Current reprocessing practices already contribute significantly to reducing the volumes of radioactive waste. While each tonne of spent fuel represents around 1.5 m3 of high-level waste (HLW), less than half of a cubic metre, including 0.115 m3 of vitrified HLW and 0.35m3 of intermediate-level waste (ILW), remains after reprocessing, and further compacting can be achieved before disposal [Ref 2, Ref 6].
Irrespective of the fuel cycle option chosen, the need for a final repository of radioactive waste remains. Advanced fuel cycle schemes could, in principle, reduce drastically the radiotoxicity waste as compared to the once-through option but cannot eliminate totally the need for ultimate disposal of some waste. Figure 6 shows the evolution in time of the radiotoxicity of waste for different fuel cycle options and indicates that in all cases a need for long-term repositories remains.
The challenge raised by long-lived radioactive waste disposal is not unique to nuclear energy. Other types of toxic waste, such as heavy metals, will remain in the biosphere indefinitely, while ultimately radioactive waste will decay to background level. Furthermore, the volumes of radioactive waste are small, typically less than 1% of the overall toxic waste in countries with a large nuclear energy industry and, while the overall cost of radioactive waste management and disposal is rather high in absolute terms, it does not add significantly to the cost of nuclear electricity [Ref 9].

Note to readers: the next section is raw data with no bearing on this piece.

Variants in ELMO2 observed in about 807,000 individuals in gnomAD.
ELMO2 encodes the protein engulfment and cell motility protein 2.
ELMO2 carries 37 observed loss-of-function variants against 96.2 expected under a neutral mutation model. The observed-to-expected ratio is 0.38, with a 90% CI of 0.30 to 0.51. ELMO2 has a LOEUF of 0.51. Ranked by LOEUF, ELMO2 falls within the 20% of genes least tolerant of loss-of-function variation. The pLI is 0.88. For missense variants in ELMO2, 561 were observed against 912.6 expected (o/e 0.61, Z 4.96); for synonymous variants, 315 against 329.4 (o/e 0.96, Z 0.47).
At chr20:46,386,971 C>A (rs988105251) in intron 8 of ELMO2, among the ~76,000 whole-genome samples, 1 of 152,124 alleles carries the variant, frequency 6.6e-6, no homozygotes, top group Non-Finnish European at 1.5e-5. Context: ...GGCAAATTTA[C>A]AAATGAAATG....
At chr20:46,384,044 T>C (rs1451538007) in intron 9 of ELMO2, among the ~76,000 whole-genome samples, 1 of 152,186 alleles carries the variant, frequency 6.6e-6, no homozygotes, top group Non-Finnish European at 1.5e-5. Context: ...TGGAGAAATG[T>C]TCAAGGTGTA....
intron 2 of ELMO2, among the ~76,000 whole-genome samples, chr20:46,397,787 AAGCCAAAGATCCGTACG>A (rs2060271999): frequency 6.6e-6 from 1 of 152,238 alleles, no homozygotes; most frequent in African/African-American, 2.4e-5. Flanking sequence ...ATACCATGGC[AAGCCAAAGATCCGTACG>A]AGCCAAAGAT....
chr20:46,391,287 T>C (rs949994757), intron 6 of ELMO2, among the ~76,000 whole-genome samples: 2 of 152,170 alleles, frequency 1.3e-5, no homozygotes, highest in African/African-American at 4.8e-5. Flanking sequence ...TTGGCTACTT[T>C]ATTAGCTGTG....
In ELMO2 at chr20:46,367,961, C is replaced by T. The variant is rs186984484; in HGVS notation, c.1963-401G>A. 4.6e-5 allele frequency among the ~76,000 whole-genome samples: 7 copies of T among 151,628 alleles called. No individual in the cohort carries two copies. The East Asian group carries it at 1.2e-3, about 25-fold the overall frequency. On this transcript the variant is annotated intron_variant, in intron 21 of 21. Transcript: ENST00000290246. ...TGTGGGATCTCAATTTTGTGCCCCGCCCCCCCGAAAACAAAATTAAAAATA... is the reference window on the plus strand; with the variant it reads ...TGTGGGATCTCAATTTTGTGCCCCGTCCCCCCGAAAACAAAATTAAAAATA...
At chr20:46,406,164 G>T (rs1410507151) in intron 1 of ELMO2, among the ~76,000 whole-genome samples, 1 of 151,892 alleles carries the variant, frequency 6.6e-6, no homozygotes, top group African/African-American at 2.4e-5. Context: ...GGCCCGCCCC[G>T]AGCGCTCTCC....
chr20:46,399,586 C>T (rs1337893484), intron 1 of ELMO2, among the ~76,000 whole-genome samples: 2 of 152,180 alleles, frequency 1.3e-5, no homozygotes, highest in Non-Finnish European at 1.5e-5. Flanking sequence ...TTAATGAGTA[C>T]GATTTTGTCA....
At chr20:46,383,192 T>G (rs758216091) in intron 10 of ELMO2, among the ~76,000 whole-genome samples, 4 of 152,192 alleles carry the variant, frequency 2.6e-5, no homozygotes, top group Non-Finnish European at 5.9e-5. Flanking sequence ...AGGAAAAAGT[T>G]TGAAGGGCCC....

Most countries are developing radioactive waste management programmes aiming at geological disposal of long-lived radioactive waste. This approach was selected after considerable debate and comprehensive analyses taking into account technical, economic and socio-political aspects. Although repository siting programmes have been delayed in many countries, the consensus view remains that geologic disposal is technically feasible and offers a strategy responsive to fundamental ethical and environmental considerations [Ref 10].
The present debate on radioactive waste management focuses more on social and ethical implications than on technical feasibility. Confidence in the feasibility of secure and safe deep geological disposal is built upon extensive studies and characterisation and quantitative modelling of natural and engineered barriers of repository systems. Recent developments, in Finland and the United States in particular, show considerable progress towards the implementation of HLW repositories.